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When You Can Foreclose on a Reverse Mortgage

Posted on in Mortgage Foreclosure

When You Can Foreclose on a Reverse MortgageOlder homeowners can use a reverse mortgage as a source of income or credit. While borrowers qualify for regular mortgages based on their income, a reverse mortgage is based on the borrower’s equity in their home. People age 62 and older are eligible to take out a reverse mortgage on their principal residence as long as they own it outright or have enough equity in it. The mortgage balance is not due until a qualifying event occurs. If the borrower or their heirs do not repay the mortgage, the lender may foreclose on the property.

When Can a Reverse Mortgage Become Due?

According to Illinois’ Reverse Mortgage Act, there are five ways that the balance on a reverse mortgage can become due:

  • The borrower or last remaining tenant dies;
  • The property is sold;
  • The borrowers no longer use the property as their principal residence;
  • The reverse mortgage contract included a maturity date; or
  • The borrowers failed to meet their contractual obligation to maintain the home.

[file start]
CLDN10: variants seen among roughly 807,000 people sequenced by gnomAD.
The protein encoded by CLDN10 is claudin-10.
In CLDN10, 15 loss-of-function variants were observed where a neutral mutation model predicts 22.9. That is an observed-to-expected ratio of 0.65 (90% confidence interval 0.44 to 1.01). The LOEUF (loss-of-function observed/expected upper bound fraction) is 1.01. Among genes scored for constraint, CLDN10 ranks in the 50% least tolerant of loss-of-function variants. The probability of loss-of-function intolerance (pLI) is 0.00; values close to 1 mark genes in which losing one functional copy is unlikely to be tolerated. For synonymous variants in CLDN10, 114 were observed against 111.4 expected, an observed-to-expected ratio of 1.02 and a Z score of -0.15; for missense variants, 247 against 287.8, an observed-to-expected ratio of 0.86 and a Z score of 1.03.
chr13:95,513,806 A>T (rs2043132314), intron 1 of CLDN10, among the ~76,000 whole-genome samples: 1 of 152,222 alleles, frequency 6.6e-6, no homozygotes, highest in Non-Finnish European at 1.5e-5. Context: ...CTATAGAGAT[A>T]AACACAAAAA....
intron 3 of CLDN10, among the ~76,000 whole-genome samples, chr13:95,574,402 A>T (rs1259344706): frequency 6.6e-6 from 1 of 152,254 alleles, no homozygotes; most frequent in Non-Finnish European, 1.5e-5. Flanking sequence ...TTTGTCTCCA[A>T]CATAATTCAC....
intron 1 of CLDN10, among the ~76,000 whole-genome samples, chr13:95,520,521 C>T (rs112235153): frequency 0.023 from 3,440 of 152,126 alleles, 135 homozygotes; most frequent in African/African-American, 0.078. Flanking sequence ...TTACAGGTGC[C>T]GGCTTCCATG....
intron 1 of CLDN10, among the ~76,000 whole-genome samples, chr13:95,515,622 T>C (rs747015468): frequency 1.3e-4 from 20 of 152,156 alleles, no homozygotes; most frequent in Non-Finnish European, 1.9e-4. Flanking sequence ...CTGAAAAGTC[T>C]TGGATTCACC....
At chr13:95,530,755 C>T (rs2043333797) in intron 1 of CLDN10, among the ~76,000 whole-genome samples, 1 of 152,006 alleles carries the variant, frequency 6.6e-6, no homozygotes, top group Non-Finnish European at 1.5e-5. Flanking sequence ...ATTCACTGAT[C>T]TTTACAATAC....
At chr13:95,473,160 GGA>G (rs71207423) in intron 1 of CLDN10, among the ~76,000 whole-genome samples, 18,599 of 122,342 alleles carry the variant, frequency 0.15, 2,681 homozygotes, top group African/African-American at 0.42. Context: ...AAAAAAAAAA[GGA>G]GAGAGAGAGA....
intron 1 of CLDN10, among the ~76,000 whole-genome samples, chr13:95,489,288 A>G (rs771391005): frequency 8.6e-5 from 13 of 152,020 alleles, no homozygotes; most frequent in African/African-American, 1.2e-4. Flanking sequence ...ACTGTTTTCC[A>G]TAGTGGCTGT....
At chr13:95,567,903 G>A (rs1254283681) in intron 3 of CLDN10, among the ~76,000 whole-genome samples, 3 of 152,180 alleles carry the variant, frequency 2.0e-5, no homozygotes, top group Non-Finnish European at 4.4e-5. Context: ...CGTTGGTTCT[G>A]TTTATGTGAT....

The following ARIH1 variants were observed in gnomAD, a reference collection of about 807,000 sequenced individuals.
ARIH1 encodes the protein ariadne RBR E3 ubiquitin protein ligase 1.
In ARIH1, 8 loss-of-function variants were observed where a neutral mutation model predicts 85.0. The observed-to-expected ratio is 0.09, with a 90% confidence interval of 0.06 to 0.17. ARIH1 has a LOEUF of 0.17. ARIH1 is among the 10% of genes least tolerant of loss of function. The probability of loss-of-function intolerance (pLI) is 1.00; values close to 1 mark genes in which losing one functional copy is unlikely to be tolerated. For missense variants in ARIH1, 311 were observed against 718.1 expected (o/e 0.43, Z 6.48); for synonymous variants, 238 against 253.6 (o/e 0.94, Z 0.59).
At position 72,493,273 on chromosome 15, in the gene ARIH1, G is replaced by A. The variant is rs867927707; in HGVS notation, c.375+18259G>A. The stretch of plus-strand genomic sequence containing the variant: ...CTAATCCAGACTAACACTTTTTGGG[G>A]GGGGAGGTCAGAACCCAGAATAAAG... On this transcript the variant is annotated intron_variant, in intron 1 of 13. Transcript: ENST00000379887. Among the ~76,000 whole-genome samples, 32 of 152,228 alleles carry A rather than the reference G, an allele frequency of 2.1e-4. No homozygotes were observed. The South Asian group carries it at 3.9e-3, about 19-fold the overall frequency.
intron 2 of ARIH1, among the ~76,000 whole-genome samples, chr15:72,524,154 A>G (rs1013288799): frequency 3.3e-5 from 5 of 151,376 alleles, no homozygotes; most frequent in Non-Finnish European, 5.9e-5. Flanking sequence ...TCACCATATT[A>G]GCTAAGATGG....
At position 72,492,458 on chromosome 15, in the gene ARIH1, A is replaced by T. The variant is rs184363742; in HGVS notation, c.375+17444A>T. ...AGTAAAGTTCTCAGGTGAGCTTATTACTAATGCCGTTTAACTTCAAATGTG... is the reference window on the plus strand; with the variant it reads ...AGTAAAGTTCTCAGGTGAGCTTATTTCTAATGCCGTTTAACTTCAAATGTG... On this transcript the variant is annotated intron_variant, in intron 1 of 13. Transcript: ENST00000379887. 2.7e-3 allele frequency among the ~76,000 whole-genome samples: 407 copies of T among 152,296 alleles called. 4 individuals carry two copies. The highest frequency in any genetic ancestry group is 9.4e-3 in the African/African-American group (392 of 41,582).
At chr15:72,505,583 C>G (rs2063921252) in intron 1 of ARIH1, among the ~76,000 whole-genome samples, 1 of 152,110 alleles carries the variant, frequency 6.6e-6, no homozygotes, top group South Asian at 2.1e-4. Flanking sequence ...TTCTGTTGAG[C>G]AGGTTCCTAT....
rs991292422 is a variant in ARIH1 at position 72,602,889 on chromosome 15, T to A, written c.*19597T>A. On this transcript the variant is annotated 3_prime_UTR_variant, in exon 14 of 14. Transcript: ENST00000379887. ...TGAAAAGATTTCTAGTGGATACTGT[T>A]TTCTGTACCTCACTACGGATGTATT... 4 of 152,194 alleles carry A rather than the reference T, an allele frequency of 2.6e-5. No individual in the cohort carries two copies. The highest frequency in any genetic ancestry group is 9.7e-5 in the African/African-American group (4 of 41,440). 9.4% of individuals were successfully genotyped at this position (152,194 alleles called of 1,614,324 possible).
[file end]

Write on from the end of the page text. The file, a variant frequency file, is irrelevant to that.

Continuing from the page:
When the borrowers die, their heirs will determine whether to repay the reverse mortgage, sell the home or allow a foreclosure. The borrowers may leave or sell the home if it does not meet their needs in old age. However, a lender may foreclose on a borrower’s home while the borrower still lives there if the borrower cannot pay property taxes and home insurance or maintain the value of the property. Unlike with other foreclosures, lenders often cannot seek deficiency judgments against borrowers of reverse mortgages if the property sells for less than the balance of the mortgage.

Foreclosure Response

The idea of lenders forcing senior citizens out of their homes is jarring to the public. The Federal Housing Administration insures most reverse mortgages and changed the rules of its Home Equity Conversion Mortgage program to try to reduce the number of reverse mortgage foreclosures:

  • Borrowers must pass a financial risk assessment that determines whether they are likely to be able to afford taxes and insurance on the home; and
  • Lenders can offer a Lifetime Expectancy Set-Aside, which uses a portion of the borrowed money to pay for property expenses.

LESAs have helped reduce the number of reverse mortgage foreclosures, but the money set aside may not be enough if a borrower greatly exceeds their life expectancy.

Contact a Chicago Debt Collection Attorney

All reverse mortgages eventually reach the point where they are due for repayment. A Chicago debt collection lawyer at Walinski & Associates, P.C., can help you decide how you will recover the balance on the mortgage from the borrowers or their heirs. Schedule a consultation by calling 312-704-0771.

Source:

http://www.ilga.gov/legislation/ilcs/ilcs3.asp?ActID=3656&ChapterID=62

Illinois Creditors Bar Association Chicago Bar Association Illinois State Bar Association
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